A group of South Freeport residents who have named themselves the “Slow the Town Down Gang” have asked local officials to increase enforcement of speed limits on South Freeport Road and Pine Street, two heavily traveled roads connecting Route 1 traffic with the South Freeport village and its picturesque harbor.

A spokesman for the group presented a letter of concern to Freeport Police Chief Susan Nourse on Friday, four days after more than 40 citizens met in the vestry of the South Freeport Congregational Church to discuss steps that could be taken to crack down on speeding.

Although speed limits on those roads are clearly marked and authorities have added electronic signs – which clock and post an approaching vehicle’s speed – along South Freeport Road, residents continue to be alarmed at the bad habits of many drivers, commercial and residential alike, the Slow the Town Down Gang said in a statement.

“We’re just waiting for a tragic accident to happen,” Bob Knecht, a Pine Street resident and local Realtor, said in the statement. “With the summer tourist season about to begin and the new entry onto Pine Street from the Maine Beer Company now being completed, the traffic is only going to get worse heading to and from the harbor.”

South Freeport village and its nearby harbor are popular tourist destinations. But, the village – with a post office, church, day care center and private French school – sees its fair share of pedestrian traffic. Students regularly cross the road between L’Ecole Francaise du Maine – grades K-6 – and the South Freeport Congregational Church. The First Step Learning Center is a child-care center that operates out of the church.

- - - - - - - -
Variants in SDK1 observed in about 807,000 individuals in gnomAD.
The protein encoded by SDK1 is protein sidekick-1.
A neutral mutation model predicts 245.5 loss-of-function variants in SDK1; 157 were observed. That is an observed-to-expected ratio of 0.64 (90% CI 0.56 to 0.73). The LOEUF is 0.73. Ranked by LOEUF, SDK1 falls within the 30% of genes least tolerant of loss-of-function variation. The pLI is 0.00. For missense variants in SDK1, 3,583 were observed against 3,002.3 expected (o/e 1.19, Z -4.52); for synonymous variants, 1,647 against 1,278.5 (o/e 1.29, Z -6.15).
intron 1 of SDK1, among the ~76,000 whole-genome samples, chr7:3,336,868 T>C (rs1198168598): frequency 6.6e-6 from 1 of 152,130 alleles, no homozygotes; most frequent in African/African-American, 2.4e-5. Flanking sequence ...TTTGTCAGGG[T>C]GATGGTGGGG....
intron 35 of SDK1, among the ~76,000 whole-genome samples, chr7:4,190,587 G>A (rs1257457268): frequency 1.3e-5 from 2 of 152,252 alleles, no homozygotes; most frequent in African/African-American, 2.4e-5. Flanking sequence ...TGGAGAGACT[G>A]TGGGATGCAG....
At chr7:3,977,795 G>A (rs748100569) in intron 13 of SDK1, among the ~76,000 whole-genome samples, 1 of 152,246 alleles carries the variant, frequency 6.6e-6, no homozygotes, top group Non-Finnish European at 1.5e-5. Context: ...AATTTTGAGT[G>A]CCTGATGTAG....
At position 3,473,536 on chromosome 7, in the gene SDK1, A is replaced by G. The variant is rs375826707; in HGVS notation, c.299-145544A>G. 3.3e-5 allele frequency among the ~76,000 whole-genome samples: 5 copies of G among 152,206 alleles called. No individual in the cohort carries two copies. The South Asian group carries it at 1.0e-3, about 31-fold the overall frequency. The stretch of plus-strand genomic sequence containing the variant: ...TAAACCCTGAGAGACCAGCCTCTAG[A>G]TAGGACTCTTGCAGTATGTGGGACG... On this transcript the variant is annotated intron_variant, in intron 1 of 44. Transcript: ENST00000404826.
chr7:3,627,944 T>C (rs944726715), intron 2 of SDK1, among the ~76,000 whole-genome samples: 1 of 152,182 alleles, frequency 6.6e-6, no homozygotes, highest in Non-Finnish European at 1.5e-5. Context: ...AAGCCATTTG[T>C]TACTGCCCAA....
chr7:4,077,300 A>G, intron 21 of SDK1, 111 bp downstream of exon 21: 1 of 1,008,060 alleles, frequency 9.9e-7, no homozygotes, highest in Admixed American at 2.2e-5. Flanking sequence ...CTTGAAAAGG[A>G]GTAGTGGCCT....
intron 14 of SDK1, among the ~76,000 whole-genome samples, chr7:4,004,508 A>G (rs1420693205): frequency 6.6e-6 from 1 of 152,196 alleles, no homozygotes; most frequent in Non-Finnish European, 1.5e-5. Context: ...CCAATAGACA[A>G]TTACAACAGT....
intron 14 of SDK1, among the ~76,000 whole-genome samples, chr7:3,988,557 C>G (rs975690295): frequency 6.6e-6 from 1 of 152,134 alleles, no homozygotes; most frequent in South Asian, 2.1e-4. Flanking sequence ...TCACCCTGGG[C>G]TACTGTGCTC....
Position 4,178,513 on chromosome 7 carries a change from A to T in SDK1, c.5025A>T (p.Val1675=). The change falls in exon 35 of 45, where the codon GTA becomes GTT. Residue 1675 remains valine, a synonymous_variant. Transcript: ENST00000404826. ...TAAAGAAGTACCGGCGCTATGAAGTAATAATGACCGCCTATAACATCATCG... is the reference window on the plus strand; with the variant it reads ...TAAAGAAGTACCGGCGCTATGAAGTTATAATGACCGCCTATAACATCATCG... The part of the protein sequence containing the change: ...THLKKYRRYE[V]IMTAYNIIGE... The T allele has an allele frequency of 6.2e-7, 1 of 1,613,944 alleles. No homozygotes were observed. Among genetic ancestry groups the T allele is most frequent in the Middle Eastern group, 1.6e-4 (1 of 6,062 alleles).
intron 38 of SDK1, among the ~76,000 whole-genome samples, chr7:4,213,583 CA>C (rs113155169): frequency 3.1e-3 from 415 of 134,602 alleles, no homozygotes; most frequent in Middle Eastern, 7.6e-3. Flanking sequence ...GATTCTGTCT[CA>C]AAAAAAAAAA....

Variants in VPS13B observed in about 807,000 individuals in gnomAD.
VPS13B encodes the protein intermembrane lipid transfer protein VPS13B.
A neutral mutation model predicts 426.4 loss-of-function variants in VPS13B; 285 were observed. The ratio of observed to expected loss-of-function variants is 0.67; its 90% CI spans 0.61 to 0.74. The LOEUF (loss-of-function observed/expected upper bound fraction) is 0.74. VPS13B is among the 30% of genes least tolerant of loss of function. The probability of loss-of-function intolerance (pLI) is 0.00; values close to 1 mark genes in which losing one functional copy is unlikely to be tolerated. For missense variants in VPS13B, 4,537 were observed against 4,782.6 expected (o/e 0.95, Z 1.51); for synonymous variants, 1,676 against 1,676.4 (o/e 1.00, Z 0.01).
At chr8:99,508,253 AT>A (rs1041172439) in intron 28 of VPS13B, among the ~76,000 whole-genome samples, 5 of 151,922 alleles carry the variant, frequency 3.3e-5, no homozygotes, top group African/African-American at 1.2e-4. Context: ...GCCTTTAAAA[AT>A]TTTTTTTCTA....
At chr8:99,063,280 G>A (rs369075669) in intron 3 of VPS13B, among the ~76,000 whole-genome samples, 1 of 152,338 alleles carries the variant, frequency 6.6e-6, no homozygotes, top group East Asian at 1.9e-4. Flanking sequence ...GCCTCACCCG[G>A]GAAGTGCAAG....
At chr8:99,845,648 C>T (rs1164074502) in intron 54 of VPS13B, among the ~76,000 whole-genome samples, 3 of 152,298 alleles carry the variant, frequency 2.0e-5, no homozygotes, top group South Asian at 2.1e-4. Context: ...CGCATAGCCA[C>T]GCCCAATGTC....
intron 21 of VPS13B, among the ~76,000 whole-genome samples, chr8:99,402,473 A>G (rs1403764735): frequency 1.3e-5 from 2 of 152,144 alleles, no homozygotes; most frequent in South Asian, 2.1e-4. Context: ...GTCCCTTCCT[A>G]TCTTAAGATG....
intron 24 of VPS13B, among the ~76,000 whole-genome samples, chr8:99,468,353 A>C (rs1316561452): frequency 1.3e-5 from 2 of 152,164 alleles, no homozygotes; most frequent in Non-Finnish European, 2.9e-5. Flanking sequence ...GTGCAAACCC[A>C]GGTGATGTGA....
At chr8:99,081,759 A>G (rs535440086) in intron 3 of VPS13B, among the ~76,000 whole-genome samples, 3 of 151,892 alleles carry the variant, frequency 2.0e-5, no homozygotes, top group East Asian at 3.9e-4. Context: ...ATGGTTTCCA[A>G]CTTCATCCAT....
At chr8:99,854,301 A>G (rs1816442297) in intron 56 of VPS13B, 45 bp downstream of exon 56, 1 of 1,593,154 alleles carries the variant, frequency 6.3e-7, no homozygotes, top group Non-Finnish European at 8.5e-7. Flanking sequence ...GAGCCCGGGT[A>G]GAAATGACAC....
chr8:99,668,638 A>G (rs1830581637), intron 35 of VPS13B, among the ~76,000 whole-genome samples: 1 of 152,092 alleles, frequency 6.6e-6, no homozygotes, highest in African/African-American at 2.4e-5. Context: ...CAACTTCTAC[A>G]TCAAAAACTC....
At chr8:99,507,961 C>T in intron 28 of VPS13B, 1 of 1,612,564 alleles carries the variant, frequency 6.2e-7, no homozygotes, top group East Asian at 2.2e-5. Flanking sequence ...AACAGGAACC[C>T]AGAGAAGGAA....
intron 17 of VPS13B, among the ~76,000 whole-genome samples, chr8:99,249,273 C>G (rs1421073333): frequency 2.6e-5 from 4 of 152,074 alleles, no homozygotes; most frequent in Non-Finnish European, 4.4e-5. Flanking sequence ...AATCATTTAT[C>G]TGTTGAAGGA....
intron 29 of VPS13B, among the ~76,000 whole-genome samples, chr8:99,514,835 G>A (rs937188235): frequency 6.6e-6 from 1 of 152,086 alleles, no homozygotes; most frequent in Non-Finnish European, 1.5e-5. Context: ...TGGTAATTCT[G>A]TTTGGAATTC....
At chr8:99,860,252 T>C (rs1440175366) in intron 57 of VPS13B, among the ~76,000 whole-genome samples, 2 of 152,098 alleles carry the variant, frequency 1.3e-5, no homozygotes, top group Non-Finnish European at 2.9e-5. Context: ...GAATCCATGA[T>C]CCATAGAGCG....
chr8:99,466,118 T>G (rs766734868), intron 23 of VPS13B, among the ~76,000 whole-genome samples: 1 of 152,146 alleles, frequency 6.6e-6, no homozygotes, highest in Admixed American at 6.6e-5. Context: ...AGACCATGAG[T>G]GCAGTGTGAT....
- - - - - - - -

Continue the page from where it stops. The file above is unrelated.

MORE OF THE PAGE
The speed limit in the village is 25 mph, and it drops down to 15 mph by the French school. A speed bump near the church and school is so low to the ground that residents consider it to be a joke. After leaving the village, the speed limit on South Freeport Road gradually increases to 35 mph and eventually reaches 40 mph.

“We have one speed bump that is hopeless. It is small and insignificant,” said Nat Warren-White, a member of the Slow the Town Down Gang.

Warren-White said more striping, higher, raised traffic tables, and a greater police presence could go a long way toward discouraging speeding.

Town officials recognize that speed enforcement in the South Freeport neighborhood is a major concern, but they also point out that speeding is a townwide problem and say the town has only so many resources to combat violators.

“Speeding is the most frequent complaint that the police department receives from neighborhood groups or individuals,” Nourse said in an email. “We’re out and about daily on all the Freeport roads. The higher traffic roads obviously get more attention than others. Many methods have been and will continue to be used in the South Freeport and Pine Street area to slow traffic.”

Freeport Town Manager Peter Joseph said the town will consider the residents’ concerns as it prepares to repave the town-owned section of South Freeport Road. The project could start as early as this summer, he said.

Joseph said the project includes installation of a bigger, raised speed table and narrowing travel lanes using striping, a traffic-calming move that will increase the width of shoulders. He said those improvements should help to slow down traffic.

Meanwhile, residents want the town to act before someone is hurt or killed. Winnett Ordway of Church Road has installed signs along neighborhood streets that say: “Drive Like Your Kids Live Here.”

“I’m scared to let my kids walk or ride their bikes beyond our immediate street for fear of losing them. It’s just not the kind of safe village environment we feel happy about our children growing up in,” Ordway said in the statement. “The speeding situation is getting out of hand.”

Dennis Hoey can be contacted at 791-6365 or at:

[email protected]

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